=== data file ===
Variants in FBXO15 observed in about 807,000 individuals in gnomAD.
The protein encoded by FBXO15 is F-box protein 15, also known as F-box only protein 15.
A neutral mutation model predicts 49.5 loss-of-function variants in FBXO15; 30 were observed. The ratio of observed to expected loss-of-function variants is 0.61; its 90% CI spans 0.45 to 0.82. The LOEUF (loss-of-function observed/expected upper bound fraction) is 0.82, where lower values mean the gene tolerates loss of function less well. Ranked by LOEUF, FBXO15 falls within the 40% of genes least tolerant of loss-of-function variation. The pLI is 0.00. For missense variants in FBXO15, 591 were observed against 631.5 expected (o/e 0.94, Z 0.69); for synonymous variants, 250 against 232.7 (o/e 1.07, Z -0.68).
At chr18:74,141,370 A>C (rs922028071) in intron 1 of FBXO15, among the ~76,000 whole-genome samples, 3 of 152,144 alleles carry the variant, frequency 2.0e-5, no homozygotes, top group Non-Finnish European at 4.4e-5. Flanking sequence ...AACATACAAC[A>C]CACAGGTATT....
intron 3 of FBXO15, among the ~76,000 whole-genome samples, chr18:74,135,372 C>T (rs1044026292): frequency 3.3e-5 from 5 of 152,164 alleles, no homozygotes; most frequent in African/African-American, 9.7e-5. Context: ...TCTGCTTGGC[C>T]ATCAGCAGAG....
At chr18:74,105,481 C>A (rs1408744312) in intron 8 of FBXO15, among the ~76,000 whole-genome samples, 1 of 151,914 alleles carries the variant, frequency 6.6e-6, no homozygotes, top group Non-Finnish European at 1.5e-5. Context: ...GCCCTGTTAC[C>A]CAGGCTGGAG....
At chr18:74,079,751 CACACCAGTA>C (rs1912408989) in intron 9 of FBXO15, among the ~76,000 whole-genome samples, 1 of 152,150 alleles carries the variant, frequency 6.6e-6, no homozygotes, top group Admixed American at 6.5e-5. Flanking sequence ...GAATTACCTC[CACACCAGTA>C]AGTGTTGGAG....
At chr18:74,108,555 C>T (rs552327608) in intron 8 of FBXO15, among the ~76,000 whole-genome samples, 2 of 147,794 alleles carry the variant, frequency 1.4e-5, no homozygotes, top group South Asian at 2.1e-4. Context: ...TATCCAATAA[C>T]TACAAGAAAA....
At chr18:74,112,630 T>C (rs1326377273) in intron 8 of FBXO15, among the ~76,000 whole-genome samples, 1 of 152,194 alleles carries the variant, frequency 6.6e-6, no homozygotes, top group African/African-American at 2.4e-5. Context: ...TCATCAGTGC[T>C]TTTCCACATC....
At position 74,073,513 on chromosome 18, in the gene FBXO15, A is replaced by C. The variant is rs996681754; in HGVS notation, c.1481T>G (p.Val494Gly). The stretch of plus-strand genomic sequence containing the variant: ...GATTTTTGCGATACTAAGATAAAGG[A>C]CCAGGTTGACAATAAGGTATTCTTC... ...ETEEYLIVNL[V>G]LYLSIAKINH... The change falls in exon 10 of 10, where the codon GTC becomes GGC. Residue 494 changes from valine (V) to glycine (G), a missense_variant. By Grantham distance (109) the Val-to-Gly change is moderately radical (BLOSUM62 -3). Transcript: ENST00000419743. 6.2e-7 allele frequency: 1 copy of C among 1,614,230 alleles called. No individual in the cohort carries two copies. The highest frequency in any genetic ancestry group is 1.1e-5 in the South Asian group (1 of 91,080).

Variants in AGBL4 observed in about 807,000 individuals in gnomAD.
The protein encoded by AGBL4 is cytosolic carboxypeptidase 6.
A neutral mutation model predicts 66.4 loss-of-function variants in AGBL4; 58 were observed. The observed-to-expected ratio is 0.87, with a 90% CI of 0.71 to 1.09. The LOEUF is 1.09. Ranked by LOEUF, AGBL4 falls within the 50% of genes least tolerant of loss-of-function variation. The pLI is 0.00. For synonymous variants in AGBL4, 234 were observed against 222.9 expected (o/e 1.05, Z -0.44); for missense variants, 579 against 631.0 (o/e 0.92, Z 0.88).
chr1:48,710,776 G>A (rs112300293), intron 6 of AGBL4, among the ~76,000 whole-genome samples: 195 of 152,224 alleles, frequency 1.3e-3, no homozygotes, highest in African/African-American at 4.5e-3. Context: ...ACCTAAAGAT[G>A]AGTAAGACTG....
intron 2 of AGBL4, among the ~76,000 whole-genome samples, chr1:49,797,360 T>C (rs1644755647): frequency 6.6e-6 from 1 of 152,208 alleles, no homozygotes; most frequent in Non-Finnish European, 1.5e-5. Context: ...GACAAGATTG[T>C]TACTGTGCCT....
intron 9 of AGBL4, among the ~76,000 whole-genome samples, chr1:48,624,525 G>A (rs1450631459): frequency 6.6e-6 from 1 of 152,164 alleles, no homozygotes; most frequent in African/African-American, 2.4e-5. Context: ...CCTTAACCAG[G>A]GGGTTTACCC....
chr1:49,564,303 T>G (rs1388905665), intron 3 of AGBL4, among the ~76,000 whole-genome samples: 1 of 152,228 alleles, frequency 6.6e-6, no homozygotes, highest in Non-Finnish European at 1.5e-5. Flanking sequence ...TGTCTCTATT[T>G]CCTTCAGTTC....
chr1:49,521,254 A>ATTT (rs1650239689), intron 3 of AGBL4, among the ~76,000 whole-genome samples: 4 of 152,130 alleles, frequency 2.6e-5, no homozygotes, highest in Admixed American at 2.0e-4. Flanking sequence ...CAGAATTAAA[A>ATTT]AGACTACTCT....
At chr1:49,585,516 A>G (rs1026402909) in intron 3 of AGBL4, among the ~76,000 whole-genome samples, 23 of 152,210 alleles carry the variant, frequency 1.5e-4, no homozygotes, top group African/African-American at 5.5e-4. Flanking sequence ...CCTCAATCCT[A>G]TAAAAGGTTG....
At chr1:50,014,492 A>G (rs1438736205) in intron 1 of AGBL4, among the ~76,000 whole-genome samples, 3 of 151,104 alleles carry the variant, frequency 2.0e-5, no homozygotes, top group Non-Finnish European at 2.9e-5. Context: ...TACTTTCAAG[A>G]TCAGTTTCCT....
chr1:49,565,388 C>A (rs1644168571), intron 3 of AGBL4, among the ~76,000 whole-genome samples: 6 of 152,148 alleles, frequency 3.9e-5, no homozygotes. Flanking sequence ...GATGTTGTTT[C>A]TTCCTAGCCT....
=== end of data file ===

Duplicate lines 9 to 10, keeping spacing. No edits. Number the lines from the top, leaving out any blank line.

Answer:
At chr18:74,112,630 T>C (rs1326377273) in intron 8 of FBXO15, among the ~76,000 whole-genome samples, 1 of 152,194 alleles carries the variant, frequency 6.6e-6, no homozygotes, top group African/African-American at 2.4e-5. Context: ...TCATCAGTGC[T>C]TTTCCACATC....
At position 74,073,513 on chromosome 18, in the gene FBXO15, A is replaced by C. The variant is rs996681754; in HGVS notation, c.1481T>G (p.Val494Gly). The stretch of plus-strand genomic sequence containing the variant: ...GATTTTTGCGATACTAAGATAAAGG[A>C]CCAGGTTGACAATAAGGTATTCTTC... ...ETEEYLIVNL[V>G]LYLSIAKINH... The change falls in exon 10 of 10, where the codon GTC becomes GGC. Residue 494 changes from valine (V) to glycine (G), a missense_variant. By Grantham distance (109) the Val-to-Gly change is moderately radical (BLOSUM62 -3). Transcript: ENST00000419743. 6.2e-7 allele frequency: 1 copy of C among 1,614,230 alleles called. No individual in the cohort carries two copies. The highest frequency in any genetic ancestry group is 1.1e-5 in the South Asian group (1 of 91,080).